Two job applicants with minor criminal records have gone to court to challenge the way the Census Bureau screens applicants for work as census takers.
In a class action suit filed Tuesday in U.S. District Court in New York, Eugene Johnson, 48, of the Bronx, N.Y., and Evelyn Houser, 69, of Philadelphia say they were unfairly rejected for census jobs this year because they could not provide court records of their cases settled decades earlier.
Johnson and Houser say they are among thousands who were not hired because records are no longer available for misdemeanor offenses committed long ago. The two, who are African Americans, say the Census Bureau’s screening practices amount to discrimination against blacks, Latinos and Native Americans, who have higher arrest rates that remain on their records even if there was no prosecution or conviction.
The Commerce Department, which oversees the Census Bureau, declined to comment on the pending lawsuit, but spokesman Nick Kimball cited safety as a reason for rules about hiring job candidates with criminal histories.
“Americans must be confident that if they don’t mail back their forms and a census taker must come to their door, we’ve taken steps to ensure their safety,” he said.
Johnson, who has done field survey work for pollsters and market researchers, was arrested on misdemeanor assault charges in 1995 stemming from a dispute with his landlord over rent. He was sentenced to perform community service and pay restitution.
Houser, a retired housekeeper and home health aide, has a 1981 case for theft and forgery involving a check that she found near a dumpster and cashed. She was placed in a diversionary program and was not formally convicted. She was hired as a census taker in 1990.
This year, when the Census Bureau is expected to hire more than 700,000 temporary census takers, FBI fingerprint checks have been run for the first time on all applicants. Serious felonies automatically disqualify applicants, but people convicted of less severe transgressions can be hired. Census Director Robert M. Groves has been vague about which crimes could keep a job candidate in contention. Hundreds of job seekers with criminal records have shown up at job fairs in Washington to take the test given to all applicants.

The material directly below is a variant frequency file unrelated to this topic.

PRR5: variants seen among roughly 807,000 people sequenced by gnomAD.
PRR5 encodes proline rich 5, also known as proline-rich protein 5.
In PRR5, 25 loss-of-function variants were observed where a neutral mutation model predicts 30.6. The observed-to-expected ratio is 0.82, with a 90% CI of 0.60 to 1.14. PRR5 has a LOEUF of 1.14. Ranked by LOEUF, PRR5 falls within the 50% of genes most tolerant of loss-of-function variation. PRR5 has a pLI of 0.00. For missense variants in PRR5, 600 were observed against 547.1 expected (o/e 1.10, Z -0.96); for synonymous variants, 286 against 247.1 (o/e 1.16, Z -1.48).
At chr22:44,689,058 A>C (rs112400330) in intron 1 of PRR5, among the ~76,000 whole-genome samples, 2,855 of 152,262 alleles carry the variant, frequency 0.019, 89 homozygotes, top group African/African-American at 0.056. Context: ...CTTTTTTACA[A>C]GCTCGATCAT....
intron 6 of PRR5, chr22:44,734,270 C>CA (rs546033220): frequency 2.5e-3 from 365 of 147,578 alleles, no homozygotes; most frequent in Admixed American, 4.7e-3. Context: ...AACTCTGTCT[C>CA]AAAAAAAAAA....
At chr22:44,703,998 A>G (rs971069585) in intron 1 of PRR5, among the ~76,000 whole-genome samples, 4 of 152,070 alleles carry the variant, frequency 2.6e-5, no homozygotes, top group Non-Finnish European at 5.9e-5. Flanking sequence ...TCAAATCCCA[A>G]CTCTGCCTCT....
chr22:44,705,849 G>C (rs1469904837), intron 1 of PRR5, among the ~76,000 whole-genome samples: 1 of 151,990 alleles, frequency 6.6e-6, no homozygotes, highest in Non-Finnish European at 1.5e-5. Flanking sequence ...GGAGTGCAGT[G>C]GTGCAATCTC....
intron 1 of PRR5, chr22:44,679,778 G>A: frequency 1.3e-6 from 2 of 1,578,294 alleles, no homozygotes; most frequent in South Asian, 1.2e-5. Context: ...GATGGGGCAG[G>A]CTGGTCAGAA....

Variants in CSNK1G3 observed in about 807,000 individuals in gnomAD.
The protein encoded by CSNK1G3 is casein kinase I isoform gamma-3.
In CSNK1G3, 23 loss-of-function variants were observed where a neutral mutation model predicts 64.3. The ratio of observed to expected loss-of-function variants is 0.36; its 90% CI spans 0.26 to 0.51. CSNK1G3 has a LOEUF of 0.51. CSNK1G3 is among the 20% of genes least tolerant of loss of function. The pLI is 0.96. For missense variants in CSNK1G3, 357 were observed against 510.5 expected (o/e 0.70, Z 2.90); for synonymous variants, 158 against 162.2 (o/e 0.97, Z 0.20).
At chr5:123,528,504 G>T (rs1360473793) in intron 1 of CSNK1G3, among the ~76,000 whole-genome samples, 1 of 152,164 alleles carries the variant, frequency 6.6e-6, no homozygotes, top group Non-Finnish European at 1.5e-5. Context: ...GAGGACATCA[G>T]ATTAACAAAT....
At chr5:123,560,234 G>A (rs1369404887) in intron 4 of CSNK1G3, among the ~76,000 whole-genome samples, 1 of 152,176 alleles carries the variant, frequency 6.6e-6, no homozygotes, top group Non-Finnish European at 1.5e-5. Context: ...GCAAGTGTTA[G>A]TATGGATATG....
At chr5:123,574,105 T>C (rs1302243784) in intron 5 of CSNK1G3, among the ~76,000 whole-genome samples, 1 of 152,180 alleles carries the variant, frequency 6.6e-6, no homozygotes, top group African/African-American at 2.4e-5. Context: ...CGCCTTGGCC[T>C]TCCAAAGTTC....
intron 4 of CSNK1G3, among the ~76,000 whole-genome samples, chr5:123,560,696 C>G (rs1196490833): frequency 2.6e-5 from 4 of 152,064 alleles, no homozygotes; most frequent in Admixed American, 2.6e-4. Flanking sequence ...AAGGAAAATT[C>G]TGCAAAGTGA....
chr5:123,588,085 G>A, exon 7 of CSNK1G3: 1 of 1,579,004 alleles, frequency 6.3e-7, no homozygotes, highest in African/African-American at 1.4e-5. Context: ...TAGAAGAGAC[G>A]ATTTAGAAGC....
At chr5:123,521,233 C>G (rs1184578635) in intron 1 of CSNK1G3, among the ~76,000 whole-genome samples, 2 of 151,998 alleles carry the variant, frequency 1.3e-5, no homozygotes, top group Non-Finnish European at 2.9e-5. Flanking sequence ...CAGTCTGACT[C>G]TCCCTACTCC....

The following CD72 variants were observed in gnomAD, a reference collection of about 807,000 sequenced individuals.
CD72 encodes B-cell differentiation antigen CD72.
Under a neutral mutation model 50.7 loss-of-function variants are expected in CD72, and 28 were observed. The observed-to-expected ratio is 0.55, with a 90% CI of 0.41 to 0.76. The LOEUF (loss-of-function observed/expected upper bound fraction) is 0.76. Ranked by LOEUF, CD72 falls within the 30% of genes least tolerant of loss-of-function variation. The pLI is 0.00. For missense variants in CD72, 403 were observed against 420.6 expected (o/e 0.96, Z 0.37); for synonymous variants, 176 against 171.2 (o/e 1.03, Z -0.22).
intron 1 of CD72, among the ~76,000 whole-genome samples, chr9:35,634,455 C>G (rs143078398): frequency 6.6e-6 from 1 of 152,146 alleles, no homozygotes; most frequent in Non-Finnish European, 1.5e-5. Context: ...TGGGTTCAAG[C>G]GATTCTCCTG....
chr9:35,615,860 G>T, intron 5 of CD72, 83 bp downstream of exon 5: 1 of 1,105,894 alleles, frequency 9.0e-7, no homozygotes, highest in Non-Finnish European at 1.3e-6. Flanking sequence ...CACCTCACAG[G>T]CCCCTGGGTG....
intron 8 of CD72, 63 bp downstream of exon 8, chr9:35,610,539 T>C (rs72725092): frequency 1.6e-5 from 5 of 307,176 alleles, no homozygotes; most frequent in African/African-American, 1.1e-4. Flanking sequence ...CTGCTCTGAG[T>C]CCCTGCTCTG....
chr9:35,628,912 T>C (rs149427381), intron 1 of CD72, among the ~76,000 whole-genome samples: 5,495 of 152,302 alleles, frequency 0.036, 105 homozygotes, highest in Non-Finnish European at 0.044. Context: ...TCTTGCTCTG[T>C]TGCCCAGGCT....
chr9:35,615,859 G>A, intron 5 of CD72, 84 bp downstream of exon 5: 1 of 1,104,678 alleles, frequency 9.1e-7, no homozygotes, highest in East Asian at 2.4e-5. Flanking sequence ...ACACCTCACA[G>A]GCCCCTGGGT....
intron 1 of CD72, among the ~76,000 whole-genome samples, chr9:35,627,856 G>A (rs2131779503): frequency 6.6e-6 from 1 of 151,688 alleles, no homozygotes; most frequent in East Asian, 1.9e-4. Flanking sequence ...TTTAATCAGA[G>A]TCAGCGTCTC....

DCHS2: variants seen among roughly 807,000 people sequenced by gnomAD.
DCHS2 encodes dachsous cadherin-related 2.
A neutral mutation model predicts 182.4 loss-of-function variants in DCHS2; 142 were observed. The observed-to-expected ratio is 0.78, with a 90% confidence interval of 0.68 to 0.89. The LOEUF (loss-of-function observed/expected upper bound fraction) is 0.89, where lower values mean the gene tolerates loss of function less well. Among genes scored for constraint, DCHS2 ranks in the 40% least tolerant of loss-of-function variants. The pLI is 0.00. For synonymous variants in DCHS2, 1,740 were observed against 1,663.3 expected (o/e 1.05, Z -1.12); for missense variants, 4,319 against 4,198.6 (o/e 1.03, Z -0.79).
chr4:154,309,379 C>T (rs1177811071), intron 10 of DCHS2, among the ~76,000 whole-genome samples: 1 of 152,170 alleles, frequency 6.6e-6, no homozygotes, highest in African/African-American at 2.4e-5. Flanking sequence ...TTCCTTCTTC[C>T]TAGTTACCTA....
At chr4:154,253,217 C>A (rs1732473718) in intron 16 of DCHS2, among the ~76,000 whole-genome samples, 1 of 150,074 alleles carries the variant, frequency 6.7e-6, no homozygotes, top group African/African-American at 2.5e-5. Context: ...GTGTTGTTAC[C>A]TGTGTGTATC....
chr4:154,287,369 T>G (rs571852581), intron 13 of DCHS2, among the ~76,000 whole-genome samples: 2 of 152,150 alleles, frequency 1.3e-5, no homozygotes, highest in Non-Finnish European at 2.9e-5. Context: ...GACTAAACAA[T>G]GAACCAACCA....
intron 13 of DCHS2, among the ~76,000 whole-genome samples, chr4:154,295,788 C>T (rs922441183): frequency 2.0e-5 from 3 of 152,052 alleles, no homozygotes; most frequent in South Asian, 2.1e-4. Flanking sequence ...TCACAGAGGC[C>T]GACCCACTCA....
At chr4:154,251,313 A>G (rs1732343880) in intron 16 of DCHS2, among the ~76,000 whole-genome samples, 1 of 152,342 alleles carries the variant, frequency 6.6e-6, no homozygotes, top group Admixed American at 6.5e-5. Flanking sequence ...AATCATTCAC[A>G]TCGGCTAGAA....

Samuel R. Miller, one of the plaintiffs’ attorneys, said the FBI database collects arrest records from states but has a notorious backlog in keeping track of dispositions.
“They are no less qualified, and they are of no greater risk than the average person who is getting hired who doesn’t have a record in the FBI database,” he said of his clients. “You can’t stigmatize people with arrest records who are not convicted.”
Miller said the Census Bureau should not expect job applicants to produce court documentation, because some of it has been sealed, lost or even destroyed if alternatives to jail were imposed. He also said people convicted of misdemeanors such as loitering or disturbing the peace should be given equal consideration for jobs as applicants with no records.
The plaintiffs’ attorneys — a New York firm specializing in employment law and seven public interest organizations — are seeking other rejected job applicants to join the class action suit.